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A poignant and nuanced portrait of a Dominican teenager's arranged marriage and immigration to New York City in the 1960s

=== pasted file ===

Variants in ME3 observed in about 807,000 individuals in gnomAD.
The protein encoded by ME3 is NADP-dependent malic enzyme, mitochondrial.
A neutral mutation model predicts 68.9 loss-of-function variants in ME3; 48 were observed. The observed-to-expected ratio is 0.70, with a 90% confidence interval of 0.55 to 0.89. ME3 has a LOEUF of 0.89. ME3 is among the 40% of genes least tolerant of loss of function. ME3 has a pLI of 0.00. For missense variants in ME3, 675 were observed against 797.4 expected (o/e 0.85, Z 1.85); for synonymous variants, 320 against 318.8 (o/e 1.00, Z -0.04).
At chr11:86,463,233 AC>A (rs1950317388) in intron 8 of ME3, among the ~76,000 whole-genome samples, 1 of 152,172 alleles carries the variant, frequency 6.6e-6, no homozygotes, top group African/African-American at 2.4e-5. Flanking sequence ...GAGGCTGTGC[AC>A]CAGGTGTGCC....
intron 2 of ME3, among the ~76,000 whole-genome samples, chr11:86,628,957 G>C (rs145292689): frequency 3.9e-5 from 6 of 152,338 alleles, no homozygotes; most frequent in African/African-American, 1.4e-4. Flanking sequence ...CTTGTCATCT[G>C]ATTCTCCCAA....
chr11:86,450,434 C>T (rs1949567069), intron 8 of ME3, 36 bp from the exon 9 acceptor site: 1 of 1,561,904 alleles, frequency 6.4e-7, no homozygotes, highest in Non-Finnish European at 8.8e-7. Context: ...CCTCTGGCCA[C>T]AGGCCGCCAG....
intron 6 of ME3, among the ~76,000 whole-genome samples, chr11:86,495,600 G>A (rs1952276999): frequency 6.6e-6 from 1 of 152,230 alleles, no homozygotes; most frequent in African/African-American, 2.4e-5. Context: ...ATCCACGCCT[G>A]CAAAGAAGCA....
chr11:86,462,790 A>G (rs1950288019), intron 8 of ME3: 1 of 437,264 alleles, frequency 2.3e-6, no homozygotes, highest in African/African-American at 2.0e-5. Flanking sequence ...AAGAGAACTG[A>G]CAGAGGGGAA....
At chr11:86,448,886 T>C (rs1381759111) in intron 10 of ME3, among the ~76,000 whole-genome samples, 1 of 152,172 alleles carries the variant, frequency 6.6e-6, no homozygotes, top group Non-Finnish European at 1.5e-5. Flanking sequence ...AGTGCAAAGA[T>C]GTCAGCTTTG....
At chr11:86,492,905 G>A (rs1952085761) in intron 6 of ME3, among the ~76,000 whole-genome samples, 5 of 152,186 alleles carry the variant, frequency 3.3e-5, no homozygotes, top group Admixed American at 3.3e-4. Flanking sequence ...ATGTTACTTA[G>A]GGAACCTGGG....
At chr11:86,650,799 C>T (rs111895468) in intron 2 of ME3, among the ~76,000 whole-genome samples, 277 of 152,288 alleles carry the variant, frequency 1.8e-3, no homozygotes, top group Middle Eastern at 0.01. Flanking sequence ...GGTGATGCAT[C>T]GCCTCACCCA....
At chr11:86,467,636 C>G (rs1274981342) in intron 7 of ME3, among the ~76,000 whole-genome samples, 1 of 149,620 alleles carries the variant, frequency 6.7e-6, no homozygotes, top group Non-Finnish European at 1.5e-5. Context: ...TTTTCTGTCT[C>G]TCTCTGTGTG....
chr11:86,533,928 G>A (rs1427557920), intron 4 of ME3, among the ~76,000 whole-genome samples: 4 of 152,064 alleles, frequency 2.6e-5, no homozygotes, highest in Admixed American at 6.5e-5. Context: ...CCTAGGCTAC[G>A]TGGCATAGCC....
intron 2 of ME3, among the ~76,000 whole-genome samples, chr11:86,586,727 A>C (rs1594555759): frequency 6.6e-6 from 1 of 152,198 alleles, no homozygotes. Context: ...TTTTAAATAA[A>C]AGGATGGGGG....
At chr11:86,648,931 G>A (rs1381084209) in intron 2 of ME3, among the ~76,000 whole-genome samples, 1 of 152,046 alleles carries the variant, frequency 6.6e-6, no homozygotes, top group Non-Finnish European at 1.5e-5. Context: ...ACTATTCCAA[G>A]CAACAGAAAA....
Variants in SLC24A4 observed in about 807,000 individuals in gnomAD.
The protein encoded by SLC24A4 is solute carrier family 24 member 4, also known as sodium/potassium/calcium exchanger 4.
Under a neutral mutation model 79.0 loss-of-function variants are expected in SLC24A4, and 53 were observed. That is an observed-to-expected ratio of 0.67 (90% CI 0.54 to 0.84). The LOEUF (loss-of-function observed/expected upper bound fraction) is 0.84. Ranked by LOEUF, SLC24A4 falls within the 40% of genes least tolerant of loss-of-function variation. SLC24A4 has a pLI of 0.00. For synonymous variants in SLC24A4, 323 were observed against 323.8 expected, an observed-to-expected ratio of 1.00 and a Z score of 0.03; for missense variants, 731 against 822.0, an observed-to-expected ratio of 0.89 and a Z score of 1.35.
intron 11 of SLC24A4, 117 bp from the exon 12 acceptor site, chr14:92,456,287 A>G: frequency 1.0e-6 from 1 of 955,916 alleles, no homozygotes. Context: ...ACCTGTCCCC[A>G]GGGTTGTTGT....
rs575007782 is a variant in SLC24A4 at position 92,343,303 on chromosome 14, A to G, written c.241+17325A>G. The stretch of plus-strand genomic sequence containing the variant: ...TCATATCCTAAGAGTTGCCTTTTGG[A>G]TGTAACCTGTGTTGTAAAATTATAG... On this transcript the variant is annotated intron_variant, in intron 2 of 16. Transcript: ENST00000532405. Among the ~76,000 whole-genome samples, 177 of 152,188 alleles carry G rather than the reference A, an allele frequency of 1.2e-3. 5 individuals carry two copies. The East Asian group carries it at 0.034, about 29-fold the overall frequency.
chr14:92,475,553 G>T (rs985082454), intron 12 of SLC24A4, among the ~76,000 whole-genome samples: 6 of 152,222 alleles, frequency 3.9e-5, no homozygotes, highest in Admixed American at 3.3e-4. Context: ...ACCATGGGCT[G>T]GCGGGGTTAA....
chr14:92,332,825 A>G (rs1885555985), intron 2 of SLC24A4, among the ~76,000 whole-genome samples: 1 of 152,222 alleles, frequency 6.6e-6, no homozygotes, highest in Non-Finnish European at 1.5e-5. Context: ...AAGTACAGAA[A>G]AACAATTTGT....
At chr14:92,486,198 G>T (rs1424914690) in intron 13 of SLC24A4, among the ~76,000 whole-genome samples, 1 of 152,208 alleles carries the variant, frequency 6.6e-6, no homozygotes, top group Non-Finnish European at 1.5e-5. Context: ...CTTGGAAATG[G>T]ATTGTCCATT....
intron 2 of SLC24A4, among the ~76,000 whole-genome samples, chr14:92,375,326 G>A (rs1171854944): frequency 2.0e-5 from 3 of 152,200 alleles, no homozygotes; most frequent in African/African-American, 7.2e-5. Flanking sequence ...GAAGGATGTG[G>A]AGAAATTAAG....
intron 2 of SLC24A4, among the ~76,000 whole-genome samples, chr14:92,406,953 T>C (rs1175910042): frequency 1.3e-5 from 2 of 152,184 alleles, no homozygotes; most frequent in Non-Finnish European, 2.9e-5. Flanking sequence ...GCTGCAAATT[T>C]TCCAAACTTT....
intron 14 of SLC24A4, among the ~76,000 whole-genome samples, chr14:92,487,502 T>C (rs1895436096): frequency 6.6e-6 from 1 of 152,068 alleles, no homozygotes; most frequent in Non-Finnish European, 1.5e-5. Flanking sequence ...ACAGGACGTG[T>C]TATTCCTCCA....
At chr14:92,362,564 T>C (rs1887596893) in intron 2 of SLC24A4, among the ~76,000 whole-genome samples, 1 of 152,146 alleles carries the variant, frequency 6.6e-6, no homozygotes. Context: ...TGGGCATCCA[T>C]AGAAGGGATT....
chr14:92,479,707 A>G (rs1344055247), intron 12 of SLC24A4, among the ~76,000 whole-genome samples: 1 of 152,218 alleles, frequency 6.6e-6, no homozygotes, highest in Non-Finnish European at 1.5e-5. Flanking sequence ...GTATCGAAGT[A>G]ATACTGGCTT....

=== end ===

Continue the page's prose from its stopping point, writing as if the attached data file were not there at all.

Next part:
A story for now, an important story . . . told with incredible freshness * Martha Lane Fox, Chair of Judges, Women's Prize 2020 * Engrossing . . . the story itself and Ana, the protagonist are terrifically interesting. Loved this * Roxane Gay * Through a novel with so much depth, beauty, and grace, we, like Ana, are forever changed * Jacqueline Woodson, Vanity Fair * The harsh reality of immigration is balanced with a refreshing dose of humour * The Times * This compassionate and ingenious novel has an endearing vibrancy in the storytelling that, page after page, makes it addictive reading * Irish Times * A . . . portrait of what it means to be doubly disenfranchised as a female illegal immigrant in an oppressively patriarchal community, but Angie Cruz gives her heroine a glimpse of a different life * Observer * Poignant . . . In nimble prose, Cruz animates the simultaneous reluctance and vivacity that define her main character as she attempts to balance filial duty with personal fulfilment, and contends with leaving one home to build another that is both for herself and for her family * New Yorker * An intimate portrait of the transactional nature of marriage and the economics of both womanhood and citizenship * New York Times Book Review * Cruz (who drew the story from her mother's experience) keeps the tone light, even comic, while expertly generating tension from the plot's mounting tally of secrets and lies * Metro * Sensational . . . At once tender, musical, and electric, this novel meditates on how immigrations shapes lives, from both without and within * Esquire * In Cruz's rendering, the inevitability of hardship and the excitement of new possibilities makes for an affectingly complex journey into adulthood. Expect this to mark the author's breakout * Entertainment Weekly * Cruz tells the story with a raucous sense of humour and writes in short, present-tense chapters that help make this a propulsive though heartbreaking read * BuzzFeed * This stunner of a novel thrums with vitality, a singular addition to the canon of immigration narratives, and introduces readers to the wonderfully complex and resilient Ana * Nylon * Eminently readable and offers an affecting exploration into the trade-off between autonomy and obligation * Evening Standard * An insightful and vibrant examination of what it means to be an immigrant . . . short present-tense chapters have the effect of forcing one to sit up and take notice that something real is happening here * Irish Examiner * Cruz uses beautiful, simple language, a dreamy brush, filling her novel with a sense of awe that perfectly complements her narrator * TLS *